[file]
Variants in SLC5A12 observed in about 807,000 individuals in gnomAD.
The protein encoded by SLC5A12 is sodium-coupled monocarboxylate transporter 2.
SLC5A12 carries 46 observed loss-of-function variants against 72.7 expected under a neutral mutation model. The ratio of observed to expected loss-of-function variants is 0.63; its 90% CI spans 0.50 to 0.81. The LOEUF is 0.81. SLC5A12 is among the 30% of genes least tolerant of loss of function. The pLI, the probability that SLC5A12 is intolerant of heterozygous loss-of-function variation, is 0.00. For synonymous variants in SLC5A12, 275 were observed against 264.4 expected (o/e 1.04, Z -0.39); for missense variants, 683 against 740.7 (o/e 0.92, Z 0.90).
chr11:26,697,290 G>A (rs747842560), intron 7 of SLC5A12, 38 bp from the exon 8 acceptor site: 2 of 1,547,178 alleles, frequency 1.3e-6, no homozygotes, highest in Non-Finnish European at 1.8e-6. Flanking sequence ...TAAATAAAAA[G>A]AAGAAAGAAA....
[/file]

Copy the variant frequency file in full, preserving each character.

Variants in SLC5A12 observed in about 807,000 individuals in gnomAD.
The protein encoded by SLC5A12 is sodium-coupled monocarboxylate transporter 2.
SLC5A12 carries 46 observed loss-of-function variants against 72.7 expected under a neutral mutation model. The ratio of observed to expected loss-of-function variants is 0.63; its 90% CI spans 0.50 to 0.81. The LOEUF is 0.81. SLC5A12 is among the 30% of genes least tolerant of loss of function. The pLI, the probability that SLC5A12 is intolerant of heterozygous loss-of-function variation, is 0.00. For synonymous variants in SLC5A12, 275 were observed against 264.4 expected (o/e 1.04, Z -0.39); for missense variants, 683 against 740.7 (o/e 0.92, Z 0.90).
chr11:26,697,290 G>A (rs747842560), intron 7 of SLC5A12, 38 bp from the exon 8 acceptor site: 2 of 1,547,178 alleles, frequency 1.3e-6, no homozygotes, highest in Non-Finnish European at 1.8e-6. Flanking sequence ...TAAATAAAAA[G>A]AAGAAAGAAA....